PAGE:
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Brian Glenn Harris et al v. Karen A. Ballard

State of New York Supreme Court, Appellate Division Third Judicial Department

November 1, 2012


Appeal from an order of the Supreme Court (Tait, J.), entered June 16, 2011 in Tioga County, which denied defendant's motion for summary judgment dismissing the complaint and granted plaintiffs' cross motion to amend the complaint.

The opinion of the court was delivered by: Rose, J.


Calendar Date: September 5, 2012

Before: Mercure, J.P., Rose, Lahtinen, Kavanagh and Garry, JJ.

Plaintiff Brian Glenn Harris (hereinafter plaintiff), a domiciliary of the province of New Brunswick, Canada, was driving a New Brunswick registered tractor trailer in New York when he was injured in a motor vehicle accident involving a vehicle driven by defendant, a New York domiciliary. Plaintiff thereafter applied for and received workers' compensation benefits in New Brunswick. In exchange for payment of those benefits, plaintiff assigned his personal injury claim to the Workplace Health, Safety and Compensation Commission of New Brunswick (hereinafter WHSCC), which in turn commenced this action in plaintiffs' names, all pursuant to the New Brunswick Workers' Compensation Act. When defendant learned that the claim had been assigned, she moved for summary judgment on the grounds that, under New York law, the action could not be assigned or pursued and plaintiffs were not the real parties in interest. Plaintiffs opposed the motion and cross-moved to amend the complaint to add WHSCC as a plaintiff. Supreme Court denied the motion and granted the cross motion, concluding that while the substantive law of New York governed the causes of action for negligence and damages, the law of New Brunswick applied to the issues surrounding the assignment and pursuit of plaintiffs' claim. We now affirm.

The laws in conflict here do not concern true loss allocation, but deal only with the insurer's right of reimbursement. In contrast to the interest analysis applied to resolve conflicts of loss allocation rules (see e.g. Roach v McGuire & Bennett, 146 AD2d 89, 92 [1989]), the rights of an employer or insurer to the reimbursement of workers' compensation benefits paid to an employee are governed by the law of the forum in which the benefits were paid (see Carminucci v Pepsico, Inc., 236 AD2d 499, 501 [1997]; see also Boyle v Texasgulf Aviation, Inc., 696 F Supp 951, 953-954 [1988], affd 875 F2d 307 [1989]; Restatement [Second] of Conflict of Laws § 185). Here, plaintiff filed for and accepted benefits under the New Brunswick Workers' Compensation Act. Accordingly, the law of New Brunswick governs WHSCC's right of reimbursement (see Carminucci v Pepsico, Inc., 236 AD2d at 501; Canfield v Child World, 209 AD2d 569, 569-570 [1994]).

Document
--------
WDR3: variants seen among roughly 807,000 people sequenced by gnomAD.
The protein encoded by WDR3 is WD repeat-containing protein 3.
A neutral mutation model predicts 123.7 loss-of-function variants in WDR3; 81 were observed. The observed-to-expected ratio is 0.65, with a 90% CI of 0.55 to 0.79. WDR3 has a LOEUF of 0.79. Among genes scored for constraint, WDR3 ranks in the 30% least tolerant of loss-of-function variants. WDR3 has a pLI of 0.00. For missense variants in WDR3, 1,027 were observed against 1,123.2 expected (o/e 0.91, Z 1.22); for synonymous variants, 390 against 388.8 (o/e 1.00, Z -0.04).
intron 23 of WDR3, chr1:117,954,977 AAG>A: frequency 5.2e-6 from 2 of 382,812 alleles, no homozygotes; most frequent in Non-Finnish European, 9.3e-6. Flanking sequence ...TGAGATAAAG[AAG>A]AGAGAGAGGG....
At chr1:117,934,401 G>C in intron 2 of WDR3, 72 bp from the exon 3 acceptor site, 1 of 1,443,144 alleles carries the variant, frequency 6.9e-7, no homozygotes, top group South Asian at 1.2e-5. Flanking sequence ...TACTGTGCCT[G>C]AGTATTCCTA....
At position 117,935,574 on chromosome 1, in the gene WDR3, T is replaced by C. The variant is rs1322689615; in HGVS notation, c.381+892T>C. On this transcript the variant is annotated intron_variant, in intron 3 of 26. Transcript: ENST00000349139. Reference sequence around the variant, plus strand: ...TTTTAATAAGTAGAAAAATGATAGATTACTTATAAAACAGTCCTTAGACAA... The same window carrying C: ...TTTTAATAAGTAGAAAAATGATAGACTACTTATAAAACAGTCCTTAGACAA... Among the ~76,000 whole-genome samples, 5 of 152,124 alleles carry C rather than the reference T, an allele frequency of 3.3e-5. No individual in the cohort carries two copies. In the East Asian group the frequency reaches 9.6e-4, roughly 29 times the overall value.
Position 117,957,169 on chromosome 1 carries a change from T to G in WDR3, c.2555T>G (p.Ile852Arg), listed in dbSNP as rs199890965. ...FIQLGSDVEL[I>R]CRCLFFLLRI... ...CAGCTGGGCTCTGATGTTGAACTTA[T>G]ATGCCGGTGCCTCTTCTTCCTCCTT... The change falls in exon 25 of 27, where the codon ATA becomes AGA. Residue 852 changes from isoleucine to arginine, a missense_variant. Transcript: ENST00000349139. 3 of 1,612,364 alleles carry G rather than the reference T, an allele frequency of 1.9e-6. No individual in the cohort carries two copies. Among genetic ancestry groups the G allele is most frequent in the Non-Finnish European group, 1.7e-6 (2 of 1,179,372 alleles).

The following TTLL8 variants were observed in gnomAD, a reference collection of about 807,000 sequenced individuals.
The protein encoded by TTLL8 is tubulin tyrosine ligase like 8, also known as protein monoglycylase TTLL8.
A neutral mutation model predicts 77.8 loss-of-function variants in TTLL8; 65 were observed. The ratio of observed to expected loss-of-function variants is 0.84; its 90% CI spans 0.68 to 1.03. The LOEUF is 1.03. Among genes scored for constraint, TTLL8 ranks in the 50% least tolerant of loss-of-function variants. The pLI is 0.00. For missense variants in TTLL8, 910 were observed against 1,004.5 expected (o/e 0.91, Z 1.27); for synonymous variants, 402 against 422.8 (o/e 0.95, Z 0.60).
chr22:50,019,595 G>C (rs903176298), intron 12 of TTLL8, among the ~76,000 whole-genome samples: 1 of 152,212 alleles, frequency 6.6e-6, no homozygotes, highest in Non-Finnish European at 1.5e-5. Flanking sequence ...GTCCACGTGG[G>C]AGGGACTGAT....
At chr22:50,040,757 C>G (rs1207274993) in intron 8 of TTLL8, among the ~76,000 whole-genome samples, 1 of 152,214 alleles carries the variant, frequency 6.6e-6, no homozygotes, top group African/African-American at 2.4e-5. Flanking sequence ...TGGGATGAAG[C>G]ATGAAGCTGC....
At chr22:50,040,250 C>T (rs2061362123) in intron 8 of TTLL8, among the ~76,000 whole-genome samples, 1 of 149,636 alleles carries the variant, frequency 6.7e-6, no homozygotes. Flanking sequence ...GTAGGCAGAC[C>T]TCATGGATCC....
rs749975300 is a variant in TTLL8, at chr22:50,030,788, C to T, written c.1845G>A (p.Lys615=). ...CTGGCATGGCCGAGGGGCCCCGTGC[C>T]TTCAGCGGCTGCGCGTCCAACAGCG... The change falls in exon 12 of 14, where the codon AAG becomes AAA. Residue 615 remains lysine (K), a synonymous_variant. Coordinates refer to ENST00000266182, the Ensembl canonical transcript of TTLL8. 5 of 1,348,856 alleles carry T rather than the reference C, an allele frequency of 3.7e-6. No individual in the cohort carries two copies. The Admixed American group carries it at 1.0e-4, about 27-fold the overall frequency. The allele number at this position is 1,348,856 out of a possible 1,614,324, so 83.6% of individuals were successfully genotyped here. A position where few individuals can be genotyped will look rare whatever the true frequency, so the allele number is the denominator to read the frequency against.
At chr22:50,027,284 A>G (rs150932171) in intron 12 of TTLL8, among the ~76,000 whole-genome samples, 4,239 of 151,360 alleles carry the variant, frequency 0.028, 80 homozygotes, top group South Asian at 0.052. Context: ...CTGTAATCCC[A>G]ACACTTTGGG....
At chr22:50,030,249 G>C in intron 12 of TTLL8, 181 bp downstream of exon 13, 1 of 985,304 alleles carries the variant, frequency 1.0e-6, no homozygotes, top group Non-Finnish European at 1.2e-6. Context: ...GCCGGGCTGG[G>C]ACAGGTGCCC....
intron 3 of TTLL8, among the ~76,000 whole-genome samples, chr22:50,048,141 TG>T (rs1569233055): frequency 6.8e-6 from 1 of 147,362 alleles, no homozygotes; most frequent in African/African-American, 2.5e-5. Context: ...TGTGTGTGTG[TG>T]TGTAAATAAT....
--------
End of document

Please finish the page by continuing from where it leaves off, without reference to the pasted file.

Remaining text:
We are likewise unpersuaded by defendant's argument that General Obligations Law § 13-101 (1) bars the action. Although that statute prohibits the transfer of claims to recover damages for personal injury, it does not apply to subrogation assignments such as the one embodied in Workers' Compensation Law § 29 (2) (see Commissioners of State Ins. Fund v Low, 285 App Div 525, 527 [1955]; see also Liberty Mut. Fire Ins. Co. v Perricone, 54 AD2d 975 [1976]). Workers' Compensation Law § 29 (2) is designed "to provide for reimbursement of the compensation carrier whenever a recovery is obtained in tort for the same injury that was a predicate for the payment of compensation benefits" (Matter of Hiser v Richmor Aviation, Inc., 72 AD3d 1423, 1424 [2010] [internal quotation marks and citation omitted]). Because the applicable New Brunswick statute provides a similar right of subrogation (see R.S.N.B. 1973, ch W-13, § 10 [10]), General Obligations Law § 13-101 (1) does not apply to bar this action (see e.g. Calhoun v Kruczkiewicz, 129 AD2d 546, 547 [1987]; Miller v Liberty Mut. Fire Ins. Co., 29 AD2d 982 [1968]). Although defendant also argues that she is prejudiced by the fact that WHSCC is not a named party, that prejudice is readily cured by the amendment of the complaint and, therefore, we see no abuse of discretion by Supreme Court in granting the cross motion to amend (see Podeszedlik v Mid-Hudson Civic Ctr., 162 AD2d 921, 921-922 [1990]).

Mercure, J.P., Lahtinen, Kavanagh and Garry, JJ., concur.

ORDERED that the order is affirmed, with costs.


Robert D. Mayberger Clerk of the Court


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